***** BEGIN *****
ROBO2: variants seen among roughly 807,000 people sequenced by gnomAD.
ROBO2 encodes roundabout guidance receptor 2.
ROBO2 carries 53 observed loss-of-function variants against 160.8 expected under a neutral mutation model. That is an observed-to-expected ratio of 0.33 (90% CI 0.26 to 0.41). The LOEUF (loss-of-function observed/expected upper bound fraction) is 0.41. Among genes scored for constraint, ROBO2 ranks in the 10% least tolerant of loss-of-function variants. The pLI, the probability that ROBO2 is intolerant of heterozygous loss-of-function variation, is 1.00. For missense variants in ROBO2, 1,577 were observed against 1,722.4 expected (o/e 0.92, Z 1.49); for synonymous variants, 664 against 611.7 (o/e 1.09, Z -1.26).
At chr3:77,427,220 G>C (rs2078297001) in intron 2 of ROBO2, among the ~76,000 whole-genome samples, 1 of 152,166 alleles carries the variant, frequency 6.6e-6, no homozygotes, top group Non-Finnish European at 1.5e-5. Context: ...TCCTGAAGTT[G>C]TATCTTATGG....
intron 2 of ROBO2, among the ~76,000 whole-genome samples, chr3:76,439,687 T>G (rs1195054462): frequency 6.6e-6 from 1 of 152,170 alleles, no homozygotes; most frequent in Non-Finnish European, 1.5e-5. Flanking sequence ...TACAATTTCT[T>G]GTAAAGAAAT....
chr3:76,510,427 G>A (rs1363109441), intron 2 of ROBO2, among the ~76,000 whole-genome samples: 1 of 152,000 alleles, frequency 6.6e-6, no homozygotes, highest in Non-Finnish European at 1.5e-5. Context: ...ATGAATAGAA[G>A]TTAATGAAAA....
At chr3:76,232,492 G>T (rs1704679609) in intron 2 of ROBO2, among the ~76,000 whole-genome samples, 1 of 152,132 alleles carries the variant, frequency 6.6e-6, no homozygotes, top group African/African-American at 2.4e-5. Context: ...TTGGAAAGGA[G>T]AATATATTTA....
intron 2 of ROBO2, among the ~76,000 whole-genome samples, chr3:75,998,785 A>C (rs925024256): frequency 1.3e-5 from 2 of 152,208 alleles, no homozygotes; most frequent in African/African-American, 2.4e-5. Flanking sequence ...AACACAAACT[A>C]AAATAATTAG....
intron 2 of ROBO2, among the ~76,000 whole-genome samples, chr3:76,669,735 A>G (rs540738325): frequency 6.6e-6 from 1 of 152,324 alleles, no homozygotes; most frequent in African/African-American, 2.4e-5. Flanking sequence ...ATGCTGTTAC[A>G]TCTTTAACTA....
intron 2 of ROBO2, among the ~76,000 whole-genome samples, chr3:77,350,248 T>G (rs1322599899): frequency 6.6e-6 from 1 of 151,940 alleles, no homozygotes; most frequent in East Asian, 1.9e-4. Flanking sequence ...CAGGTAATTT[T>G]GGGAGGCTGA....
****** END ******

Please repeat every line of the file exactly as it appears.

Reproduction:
ROBO2: variants seen among roughly 807,000 people sequenced by gnomAD.
ROBO2 encodes roundabout guidance receptor 2.
ROBO2 carries 53 observed loss-of-function variants against 160.8 expected under a neutral mutation model. That is an observed-to-expected ratio of 0.33 (90% CI 0.26 to 0.41). The LOEUF (loss-of-function observed/expected upper bound fraction) is 0.41. Among genes scored for constraint, ROBO2 ranks in the 10% least tolerant of loss-of-function variants. The pLI, the probability that ROBO2 is intolerant of heterozygous loss-of-function variation, is 1.00. For missense variants in ROBO2, 1,577 were observed against 1,722.4 expected (o/e 0.92, Z 1.49); for synonymous variants, 664 against 611.7 (o/e 1.09, Z -1.26).
At chr3:77,427,220 G>C (rs2078297001) in intron 2 of ROBO2, among the ~76,000 whole-genome samples, 1 of 152,166 alleles carries the variant, frequency 6.6e-6, no homozygotes, top group Non-Finnish European at 1.5e-5. Context: ...TCCTGAAGTT[G>C]TATCTTATGG....
intron 2 of ROBO2, among the ~76,000 whole-genome samples, chr3:76,439,687 T>G (rs1195054462): frequency 6.6e-6 from 1 of 152,170 alleles, no homozygotes; most frequent in Non-Finnish European, 1.5e-5. Flanking sequence ...TACAATTTCT[T>G]GTAAAGAAAT....
chr3:76,510,427 G>A (rs1363109441), intron 2 of ROBO2, among the ~76,000 whole-genome samples: 1 of 152,000 alleles, frequency 6.6e-6, no homozygotes, highest in Non-Finnish European at 1.5e-5. Context: ...ATGAATAGAA[G>A]TTAATGAAAA....
At chr3:76,232,492 G>T (rs1704679609) in intron 2 of ROBO2, among the ~76,000 whole-genome samples, 1 of 152,132 alleles carries the variant, frequency 6.6e-6, no homozygotes, top group African/African-American at 2.4e-5. Context: ...TTGGAAAGGA[G>T]AATATATTTA....
intron 2 of ROBO2, among the ~76,000 whole-genome samples, chr3:75,998,785 A>C (rs925024256): frequency 1.3e-5 from 2 of 152,208 alleles, no homozygotes; most frequent in African/African-American, 2.4e-5. Flanking sequence ...AACACAAACT[A>C]AAATAATTAG....
intron 2 of ROBO2, among the ~76,000 whole-genome samples, chr3:76,669,735 A>G (rs540738325): frequency 6.6e-6 from 1 of 152,324 alleles, no homozygotes; most frequent in African/African-American, 2.4e-5. Flanking sequence ...ATGCTGTTAC[A>G]TCTTTAACTA....
intron 2 of ROBO2, among the ~76,000 whole-genome samples, chr3:77,350,248 T>G (rs1322599899): frequency 6.6e-6 from 1 of 151,940 alleles, no homozygotes; most frequent in East Asian, 1.9e-4. Flanking sequence ...CAGGTAATTT[T>G]GGGAGGCTGA....